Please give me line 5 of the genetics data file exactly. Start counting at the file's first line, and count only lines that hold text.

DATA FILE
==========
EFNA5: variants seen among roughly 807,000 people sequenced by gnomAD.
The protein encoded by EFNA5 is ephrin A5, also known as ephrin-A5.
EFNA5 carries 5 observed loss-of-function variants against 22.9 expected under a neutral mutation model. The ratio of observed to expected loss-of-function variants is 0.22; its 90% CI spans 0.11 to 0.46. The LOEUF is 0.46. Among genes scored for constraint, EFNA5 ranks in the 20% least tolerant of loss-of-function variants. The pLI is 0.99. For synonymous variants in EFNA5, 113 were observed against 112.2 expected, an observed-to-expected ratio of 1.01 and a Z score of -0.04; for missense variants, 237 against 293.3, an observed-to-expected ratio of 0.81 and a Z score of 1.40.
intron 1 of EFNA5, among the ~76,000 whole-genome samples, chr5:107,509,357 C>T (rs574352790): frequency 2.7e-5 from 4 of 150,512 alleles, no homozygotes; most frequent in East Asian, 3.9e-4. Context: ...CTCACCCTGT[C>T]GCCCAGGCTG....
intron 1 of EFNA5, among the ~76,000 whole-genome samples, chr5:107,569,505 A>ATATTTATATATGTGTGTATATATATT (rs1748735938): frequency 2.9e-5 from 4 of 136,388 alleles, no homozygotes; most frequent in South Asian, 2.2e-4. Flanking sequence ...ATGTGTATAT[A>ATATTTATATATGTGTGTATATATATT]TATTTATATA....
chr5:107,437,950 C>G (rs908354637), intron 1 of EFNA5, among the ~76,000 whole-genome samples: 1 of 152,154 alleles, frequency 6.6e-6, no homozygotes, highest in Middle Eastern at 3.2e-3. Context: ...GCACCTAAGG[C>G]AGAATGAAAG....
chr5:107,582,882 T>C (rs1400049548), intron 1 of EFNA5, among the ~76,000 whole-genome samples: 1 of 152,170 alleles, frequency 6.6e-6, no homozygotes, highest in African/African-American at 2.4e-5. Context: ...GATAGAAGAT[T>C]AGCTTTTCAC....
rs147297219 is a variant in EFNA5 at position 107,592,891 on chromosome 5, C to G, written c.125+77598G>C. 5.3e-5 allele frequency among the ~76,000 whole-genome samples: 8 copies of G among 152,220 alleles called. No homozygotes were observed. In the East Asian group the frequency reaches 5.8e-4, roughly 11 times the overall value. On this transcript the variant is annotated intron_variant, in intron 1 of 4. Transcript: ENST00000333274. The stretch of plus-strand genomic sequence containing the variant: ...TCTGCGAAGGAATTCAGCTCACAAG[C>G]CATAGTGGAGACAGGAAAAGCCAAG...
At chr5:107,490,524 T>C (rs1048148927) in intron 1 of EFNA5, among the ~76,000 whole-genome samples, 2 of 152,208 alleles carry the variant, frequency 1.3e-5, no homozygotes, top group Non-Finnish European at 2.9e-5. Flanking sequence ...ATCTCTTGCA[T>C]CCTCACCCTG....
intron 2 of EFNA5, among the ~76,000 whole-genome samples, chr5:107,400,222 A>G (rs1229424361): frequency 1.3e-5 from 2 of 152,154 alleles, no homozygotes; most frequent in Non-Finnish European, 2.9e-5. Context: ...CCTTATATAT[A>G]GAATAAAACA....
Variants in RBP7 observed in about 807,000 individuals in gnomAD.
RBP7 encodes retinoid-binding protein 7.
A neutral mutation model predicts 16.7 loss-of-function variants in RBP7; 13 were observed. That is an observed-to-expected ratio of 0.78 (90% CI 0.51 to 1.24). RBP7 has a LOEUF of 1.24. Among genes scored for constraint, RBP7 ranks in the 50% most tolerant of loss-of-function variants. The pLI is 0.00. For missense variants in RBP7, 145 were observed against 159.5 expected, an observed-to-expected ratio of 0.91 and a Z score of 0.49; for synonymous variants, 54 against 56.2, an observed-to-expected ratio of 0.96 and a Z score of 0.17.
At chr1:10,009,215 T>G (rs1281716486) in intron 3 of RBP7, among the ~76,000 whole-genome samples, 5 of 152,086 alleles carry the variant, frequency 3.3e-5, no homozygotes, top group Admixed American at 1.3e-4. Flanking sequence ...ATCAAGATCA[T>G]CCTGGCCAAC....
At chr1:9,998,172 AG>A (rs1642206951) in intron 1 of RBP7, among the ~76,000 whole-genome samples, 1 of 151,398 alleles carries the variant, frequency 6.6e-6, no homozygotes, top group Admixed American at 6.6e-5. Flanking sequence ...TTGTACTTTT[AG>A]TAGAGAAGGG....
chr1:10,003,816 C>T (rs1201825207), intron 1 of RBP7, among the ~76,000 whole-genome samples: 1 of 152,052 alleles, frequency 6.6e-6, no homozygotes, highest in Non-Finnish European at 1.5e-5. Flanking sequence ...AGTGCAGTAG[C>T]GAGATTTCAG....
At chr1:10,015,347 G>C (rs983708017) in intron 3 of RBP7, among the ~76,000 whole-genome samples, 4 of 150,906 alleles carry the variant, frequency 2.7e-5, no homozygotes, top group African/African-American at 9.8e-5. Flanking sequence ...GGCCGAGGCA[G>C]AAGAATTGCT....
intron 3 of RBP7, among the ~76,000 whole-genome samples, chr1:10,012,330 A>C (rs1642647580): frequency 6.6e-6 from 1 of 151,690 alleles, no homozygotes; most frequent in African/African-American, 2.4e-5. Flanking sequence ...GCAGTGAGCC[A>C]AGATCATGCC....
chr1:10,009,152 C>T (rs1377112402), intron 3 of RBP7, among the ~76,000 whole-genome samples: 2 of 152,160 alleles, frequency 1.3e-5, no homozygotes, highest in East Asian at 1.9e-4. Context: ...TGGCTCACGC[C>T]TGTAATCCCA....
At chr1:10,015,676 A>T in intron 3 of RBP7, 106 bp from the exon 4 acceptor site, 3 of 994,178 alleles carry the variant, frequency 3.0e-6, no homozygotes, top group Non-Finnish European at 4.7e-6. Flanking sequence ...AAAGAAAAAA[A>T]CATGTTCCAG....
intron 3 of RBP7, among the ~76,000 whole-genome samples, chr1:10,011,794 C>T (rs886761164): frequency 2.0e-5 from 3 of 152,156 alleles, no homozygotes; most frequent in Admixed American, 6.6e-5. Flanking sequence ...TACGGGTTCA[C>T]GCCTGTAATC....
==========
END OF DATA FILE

intron 1 of EFNA5, among the ~76,000 whole-genome samples, chr5:107,569,505 A>ATATTTATATATGTGTGTATATATATT (rs1748735938): frequency 2.9e-5 from 4 of 136,388 alleles, no homozygotes; most frequent in South Asian, 2.2e-4. Flanking sequence ...ATGTGTATAT[A>ATATTTATATATGTGTGTATATATATT]TATTTATATA....